The Female Quixote

Charlotte Lennox’s best-known novel is still not particularly well known—certainly not as famous as its contemporaries, Samuel Richardson’s Clarissa (published four years earlier) or Fielding’s Tom Jones (published three years earlier). There’s a reason for that: The Female Quixote is patchily constructed, with psychological acuity in its early books fading into a kind of episodic filler approach in later ones (although there’s a reason for this, too, as we’ll see). It is, however, both extremely funny and extremely interesting in the way it shows a young, unmarried woman claiming the kind of power for herself that her society simply does not grant her. Arabella’s ability to steamroll others, largely men, into accepting that she possesses a right to command them is remarkable, even if, at the end of the book, she is “tamed”, her “madness” passes away, and she accepts docility and submission as the wife of the patient and kind, if also rather predictable, Mr. Glanville.

The title of the book suggests the nature of Arabella’s “madness”. Like our friend Don Quixote from earlier in the year, she has read too many of the wrong sorts of books; unlike Don Q, she has overdosed not on chivalry books but on tales of heroic romance. These were prolifically produced by French writers in the late seventeenth- and early- to mid-eighteenth centuries, and there are so many of them that the use of the scholarly footnotes is eventually rendered pointless, because every time a little footnote number appears, it is bound simply to be another summary of whichever heroic romance Arabella is quoting from this time. What this tells us is that Charlotte Lennox had an intimate personal acquaintance with the canon of heroic romance, which throws the generally accepted view of The Female Quixote as pure satire into question. Why bother becoming deeply read in texts that you scorn and despise if your only purpose is to mock them? Is it not more likely that Mrs. Lennox had, at least, a conflicted relationship with heroic romance, and that Arabella’s behaviour in The Female Quixote has greater complexity?

After all, her madness allows her a great deal of freedom. The heroines of romance are queens, empresses and princesses, not only of kingdoms but of hearts; the women upon whom she models her behaviour, like Statira, Thalestris, Cleopatra, and Media, have the powers to raise men nearly from the dead merely by commanding them to live and “permitting them to hope”. They have no obligation to be compassionate, no social pressure to placate or soothe wounded feelings, other than this. Indeed, in romance, the more miserable and wretched a male suitor is, the better he proves himself worthy to perhaps eventually kiss his beloved’s hand; in the meantime, anything less than at least ten years of devoted service, in which either he kills thousands of enemies for her sake, or lives in pastoral, hermitic retreat, is considered insufficient. (Miss Glanville, Lady Arabella’s cousin, points out, rather inconveniently, that ten years of service will make both parties “old” when they finally begin courting; Arabella responds with horror and disgust at Miss Glanville’s vulgarity, since of course the consequences of the passage of time are never dwelt upon in heroic romance.) What this means is that for a young lady in the 1750s to model her behaviour upon these heroines, she must arrogate to herself much more power and consequence than she actually possesses, and for a long time in The Female Quixote, this more or less works. “A little more Submission and Respect would become you better; you are now wholly in my Power”, she informs a startled dandy on page 20.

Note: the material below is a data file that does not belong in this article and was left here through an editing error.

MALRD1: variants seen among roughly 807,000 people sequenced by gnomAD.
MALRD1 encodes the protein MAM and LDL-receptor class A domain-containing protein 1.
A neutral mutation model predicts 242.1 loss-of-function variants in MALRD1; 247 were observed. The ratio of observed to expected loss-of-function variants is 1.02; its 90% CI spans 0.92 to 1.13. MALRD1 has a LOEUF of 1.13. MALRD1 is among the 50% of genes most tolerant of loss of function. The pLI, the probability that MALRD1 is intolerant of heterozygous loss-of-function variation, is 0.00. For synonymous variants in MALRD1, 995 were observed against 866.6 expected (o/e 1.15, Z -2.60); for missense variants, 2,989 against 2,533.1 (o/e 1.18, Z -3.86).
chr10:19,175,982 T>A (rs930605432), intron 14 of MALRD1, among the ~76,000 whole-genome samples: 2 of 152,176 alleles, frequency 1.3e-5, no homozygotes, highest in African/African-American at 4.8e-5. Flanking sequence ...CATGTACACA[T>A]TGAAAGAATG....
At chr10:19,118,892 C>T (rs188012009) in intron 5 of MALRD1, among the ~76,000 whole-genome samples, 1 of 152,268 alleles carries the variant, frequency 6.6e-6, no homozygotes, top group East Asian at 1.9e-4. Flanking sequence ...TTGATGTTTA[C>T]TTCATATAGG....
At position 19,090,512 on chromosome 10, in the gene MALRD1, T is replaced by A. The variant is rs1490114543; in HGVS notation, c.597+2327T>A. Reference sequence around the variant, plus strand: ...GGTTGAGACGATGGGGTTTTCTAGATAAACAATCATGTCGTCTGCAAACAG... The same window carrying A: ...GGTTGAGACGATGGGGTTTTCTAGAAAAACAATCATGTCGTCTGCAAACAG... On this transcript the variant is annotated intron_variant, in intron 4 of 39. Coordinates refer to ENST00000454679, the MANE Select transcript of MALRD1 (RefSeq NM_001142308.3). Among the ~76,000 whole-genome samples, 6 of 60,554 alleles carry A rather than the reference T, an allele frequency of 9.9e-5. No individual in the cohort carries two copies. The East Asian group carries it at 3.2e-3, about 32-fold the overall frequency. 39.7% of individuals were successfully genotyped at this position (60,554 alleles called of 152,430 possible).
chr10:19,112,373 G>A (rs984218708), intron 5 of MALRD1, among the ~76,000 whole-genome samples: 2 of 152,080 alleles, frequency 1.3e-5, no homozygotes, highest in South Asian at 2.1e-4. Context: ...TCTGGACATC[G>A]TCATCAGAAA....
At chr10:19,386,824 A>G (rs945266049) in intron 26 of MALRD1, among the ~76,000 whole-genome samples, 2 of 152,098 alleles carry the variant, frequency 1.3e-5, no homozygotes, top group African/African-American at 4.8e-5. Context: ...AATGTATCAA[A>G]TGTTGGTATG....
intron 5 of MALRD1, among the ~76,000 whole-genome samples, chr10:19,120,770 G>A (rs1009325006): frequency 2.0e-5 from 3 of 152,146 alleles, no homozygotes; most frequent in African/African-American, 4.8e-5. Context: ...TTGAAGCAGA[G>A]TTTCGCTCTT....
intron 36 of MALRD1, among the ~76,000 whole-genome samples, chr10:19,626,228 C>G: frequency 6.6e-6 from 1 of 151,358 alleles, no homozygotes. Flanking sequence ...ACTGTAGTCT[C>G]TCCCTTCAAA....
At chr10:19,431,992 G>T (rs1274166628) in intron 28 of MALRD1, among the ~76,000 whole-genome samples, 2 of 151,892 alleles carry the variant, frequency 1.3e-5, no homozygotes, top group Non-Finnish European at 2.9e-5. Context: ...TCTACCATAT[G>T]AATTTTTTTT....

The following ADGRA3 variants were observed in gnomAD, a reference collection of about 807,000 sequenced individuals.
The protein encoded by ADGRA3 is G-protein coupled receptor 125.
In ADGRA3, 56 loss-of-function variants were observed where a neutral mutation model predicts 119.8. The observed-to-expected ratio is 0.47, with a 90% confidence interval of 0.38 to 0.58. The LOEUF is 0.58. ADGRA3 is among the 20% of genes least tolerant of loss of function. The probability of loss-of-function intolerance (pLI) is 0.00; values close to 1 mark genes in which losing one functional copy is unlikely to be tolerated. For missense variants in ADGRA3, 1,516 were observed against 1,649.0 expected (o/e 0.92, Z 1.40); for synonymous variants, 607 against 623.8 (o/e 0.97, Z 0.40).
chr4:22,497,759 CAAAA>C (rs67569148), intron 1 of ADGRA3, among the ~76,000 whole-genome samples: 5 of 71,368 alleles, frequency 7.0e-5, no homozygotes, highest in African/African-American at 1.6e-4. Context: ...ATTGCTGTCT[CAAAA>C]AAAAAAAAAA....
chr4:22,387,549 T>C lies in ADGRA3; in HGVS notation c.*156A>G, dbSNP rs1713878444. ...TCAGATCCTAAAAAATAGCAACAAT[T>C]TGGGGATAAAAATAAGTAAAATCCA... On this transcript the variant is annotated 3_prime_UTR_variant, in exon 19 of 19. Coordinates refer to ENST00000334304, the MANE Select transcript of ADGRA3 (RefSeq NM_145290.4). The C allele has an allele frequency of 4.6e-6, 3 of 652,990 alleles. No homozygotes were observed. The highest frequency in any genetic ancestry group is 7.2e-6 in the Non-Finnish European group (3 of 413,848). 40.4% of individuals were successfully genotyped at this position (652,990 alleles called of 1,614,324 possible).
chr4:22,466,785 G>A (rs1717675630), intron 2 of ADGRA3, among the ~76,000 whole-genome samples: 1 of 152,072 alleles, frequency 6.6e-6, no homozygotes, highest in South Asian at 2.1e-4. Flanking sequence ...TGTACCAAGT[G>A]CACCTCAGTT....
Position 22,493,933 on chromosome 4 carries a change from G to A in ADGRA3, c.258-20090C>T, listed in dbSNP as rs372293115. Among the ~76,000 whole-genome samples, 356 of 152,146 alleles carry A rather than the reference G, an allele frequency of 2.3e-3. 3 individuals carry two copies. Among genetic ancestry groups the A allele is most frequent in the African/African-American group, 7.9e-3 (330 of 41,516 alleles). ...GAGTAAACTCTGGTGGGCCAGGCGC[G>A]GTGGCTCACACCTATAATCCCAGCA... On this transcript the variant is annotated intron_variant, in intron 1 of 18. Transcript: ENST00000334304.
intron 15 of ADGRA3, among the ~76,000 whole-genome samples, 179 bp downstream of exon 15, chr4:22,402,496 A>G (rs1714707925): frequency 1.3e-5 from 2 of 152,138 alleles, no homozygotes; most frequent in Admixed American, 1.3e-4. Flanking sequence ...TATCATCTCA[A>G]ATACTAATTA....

Her power, of course, in this case, comes from her father, as she indeed acknowledges. The patriarchal world of England in the 1750s means her peculiarities are much more indulged than they would otherwise have been, because she has a large fortune and her father was a lord. Were she a dairymaid, her convictions of high status would see her packed off to an asylum. (And yet: her uncle at one point is seriously considering having her committed, something we are only told in passing but which serves as a sharp reminder that no women of any station have more than nominal power in this world. The tension between Arabella’s absolute belief in her own righteousness when she berates a man for his insolence in following her, and the equally strong belief, in the society in which she lives, that women simply do not have a right to privacy—a woman wanting to be left alone could retire to her chamber, but would not dare to place limitations upon a man’s movements—is a small example of the tension that drives the book. She is clearly not mad, and yet what is madness if not a failure to understand and accept the limitations of your environment?)

There is a trade-off to Arabella’s claims of power, of course. The world at large views her as ridiculous, her cousin Glanville loves her but is embarrassed by her presumptuous outpourings, and when they visit Bath and London, she is gossiped about relentlessly. None of this, however, makes much of an impression on Arabella. Until her conversion in the penultimate chapter, she is largely concerned with preserving her reputation; the problem is that she misapprehends her society’s idea of a good reputation, and her society, in turn, misapprehends her notion of virtue. Failure to interpret signs is, quite literally, everywhere in the book (Arabella frequently makes hand gestures which the men around her don’t understand; likewise, she’s usually incapable of “reading the room” she is in), but the greatest misapprehension is in her idea of good womanhood, and her environment’s: